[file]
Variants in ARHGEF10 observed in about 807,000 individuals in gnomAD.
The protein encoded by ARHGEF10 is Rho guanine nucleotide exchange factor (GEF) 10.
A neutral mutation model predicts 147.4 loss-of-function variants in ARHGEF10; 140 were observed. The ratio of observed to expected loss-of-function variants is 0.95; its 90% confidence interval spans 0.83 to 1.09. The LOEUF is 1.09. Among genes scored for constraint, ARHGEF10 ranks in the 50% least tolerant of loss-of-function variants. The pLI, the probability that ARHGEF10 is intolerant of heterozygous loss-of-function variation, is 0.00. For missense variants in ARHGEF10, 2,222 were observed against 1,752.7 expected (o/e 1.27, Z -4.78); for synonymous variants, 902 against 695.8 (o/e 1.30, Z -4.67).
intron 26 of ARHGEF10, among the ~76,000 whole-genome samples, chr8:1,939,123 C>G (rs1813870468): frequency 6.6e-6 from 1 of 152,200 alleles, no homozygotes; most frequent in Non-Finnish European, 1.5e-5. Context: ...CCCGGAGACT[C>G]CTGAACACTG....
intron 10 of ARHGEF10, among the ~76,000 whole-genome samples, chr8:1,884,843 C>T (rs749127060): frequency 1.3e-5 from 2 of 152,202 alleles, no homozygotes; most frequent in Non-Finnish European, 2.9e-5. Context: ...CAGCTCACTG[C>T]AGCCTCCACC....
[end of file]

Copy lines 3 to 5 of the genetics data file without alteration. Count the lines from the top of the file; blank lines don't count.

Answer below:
A neutral mutation model predicts 147.4 loss-of-function variants in ARHGEF10; 140 were observed. The ratio of observed to expected loss-of-function variants is 0.95; its 90% confidence interval spans 0.83 to 1.09. The LOEUF is 1.09. Among genes scored for constraint, ARHGEF10 ranks in the 50% least tolerant of loss-of-function variants. The pLI, the probability that ARHGEF10 is intolerant of heterozygous loss-of-function variation, is 0.00. For missense variants in ARHGEF10, 2,222 were observed against 1,752.7 expected (o/e 1.27, Z -4.78); for synonymous variants, 902 against 695.8 (o/e 1.30, Z -4.67).
intron 26 of ARHGEF10, among the ~76,000 whole-genome samples, chr8:1,939,123 C>G (rs1813870468): frequency 6.6e-6 from 1 of 152,200 alleles, no homozygotes; most frequent in Non-Finnish European, 1.5e-5. Context: ...CCCGGAGACT[C>G]CTGAACACTG....
intron 10 of ARHGEF10, among the ~76,000 whole-genome samples, chr8:1,884,843 C>T (rs749127060): frequency 1.3e-5 from 2 of 152,202 alleles, no homozygotes; most frequent in Non-Finnish European, 2.9e-5. Context: ...CAGCTCACTG[C>T]AGCCTCCACC....